While the Polk study focused solely on hybrids, additional data issued separately by Nissan and Chevrolet last year found encouraging links between hybrid ownership and a step-up to PHEVs or EVs. Nissan had a bank of about 130,000 people who expressed interest in the LEAF, and found that more than half of them were Prius owners.
In a much smaller sampling of people, Chevrolet found that of the people who traded in a vehicle for a Volt, about one-third of those were trading in a hybrid.
Incentives have also swung away from hybrids and toward PHEVs and EVs. Federal tax credits now apply to PHEVs and EVs only, as do HOV single-occupancy car pool lane stickers in most states that have them, such as California. Yoza mentioned that the PPI is doing particularly well in such states and that in California and other states that follow the ZEV mandate, the PPI has a warranty of 10 years/150,000 miles.
THE LONG HAUL
So while some of the trends and data bode well for the PPI, and others bode ill, we will get to see how the Prius Plug-in story plays out over time. Yoza was quick to point out that the PPI is not a pilot program. “Even when we launched the Prius, it was a roll-out program,” she said. “Automakers spend a lot of time, especially when it comes to new technologies, to train their dealer service technicians and sales people. You want to build consumer awareness and educate consumers. You have to get all your stakeholders involved. You’ve got utilities to talk to. To put all of these things together takes time.”
If Toyota is gearing up for a long journey toward electrified vehicles, the small-battery pack Prius Plug-in does have the air of an incremental step toward that goal. The PPI has a 4.4 kWh Li-ion battery pack that’s good for 11 miles at a top speed of 62 mph in the all-electric EV mode. Complementing that is a 10.6 gallon gas tank. All told, the PPI is rated for 50 MPG (combined city and highway) in hybrid mode and 95 MPGe in EV mode.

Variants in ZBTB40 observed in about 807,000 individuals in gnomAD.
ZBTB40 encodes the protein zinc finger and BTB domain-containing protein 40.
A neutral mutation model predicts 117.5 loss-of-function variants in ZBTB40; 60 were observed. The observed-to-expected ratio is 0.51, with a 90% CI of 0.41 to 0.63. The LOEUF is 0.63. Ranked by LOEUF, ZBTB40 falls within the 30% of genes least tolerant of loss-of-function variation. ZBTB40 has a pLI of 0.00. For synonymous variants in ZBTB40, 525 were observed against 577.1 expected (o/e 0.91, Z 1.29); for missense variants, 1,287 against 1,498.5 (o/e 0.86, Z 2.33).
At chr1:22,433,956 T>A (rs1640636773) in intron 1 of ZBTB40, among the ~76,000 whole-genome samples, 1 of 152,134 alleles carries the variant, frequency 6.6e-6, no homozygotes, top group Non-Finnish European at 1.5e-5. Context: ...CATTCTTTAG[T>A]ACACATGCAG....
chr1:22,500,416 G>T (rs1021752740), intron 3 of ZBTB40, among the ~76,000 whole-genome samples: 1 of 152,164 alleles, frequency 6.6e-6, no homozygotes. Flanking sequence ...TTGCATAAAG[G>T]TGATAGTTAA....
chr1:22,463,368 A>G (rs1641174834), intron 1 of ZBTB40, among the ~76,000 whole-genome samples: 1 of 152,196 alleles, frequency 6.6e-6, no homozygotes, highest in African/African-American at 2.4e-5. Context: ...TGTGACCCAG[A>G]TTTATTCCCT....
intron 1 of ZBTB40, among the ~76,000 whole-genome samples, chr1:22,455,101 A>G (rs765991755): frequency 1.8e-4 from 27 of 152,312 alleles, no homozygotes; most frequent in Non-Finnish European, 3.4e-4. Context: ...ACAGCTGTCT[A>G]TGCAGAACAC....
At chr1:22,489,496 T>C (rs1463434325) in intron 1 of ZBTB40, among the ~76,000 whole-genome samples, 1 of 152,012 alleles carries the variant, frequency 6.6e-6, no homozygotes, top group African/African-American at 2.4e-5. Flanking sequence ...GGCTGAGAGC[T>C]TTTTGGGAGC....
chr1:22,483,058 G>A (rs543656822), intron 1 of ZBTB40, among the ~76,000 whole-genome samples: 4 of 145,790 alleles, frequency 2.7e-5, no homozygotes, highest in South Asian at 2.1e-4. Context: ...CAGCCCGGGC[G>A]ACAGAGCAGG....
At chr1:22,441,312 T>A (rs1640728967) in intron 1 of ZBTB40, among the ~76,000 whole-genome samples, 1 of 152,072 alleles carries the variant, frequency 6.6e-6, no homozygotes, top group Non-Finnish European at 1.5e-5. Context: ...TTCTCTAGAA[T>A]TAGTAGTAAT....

The argument for small battery pack plug-in hybrids is simple: fewer batteries means less of a price premium. The cheaper the vehicle, the more people will consider purchasing. As more and more consumers become familiar with the technology, the automakers can incrementally one-up each other with respect to electric-mode specs, efficiency, and price point until the day battery improvements make an unmistakable case for fully electric cars. We can already see such a pattern taking place, with the Ford C-Max Energi PHEV scheduled to one-up the PPI in terms of all-electric range (20 miles) and price ($29,995 after the $3,750 federal tax credit) when it comes out this fall. The C-Max is expected to have the same 95 MPGe as the Prius Plug-in.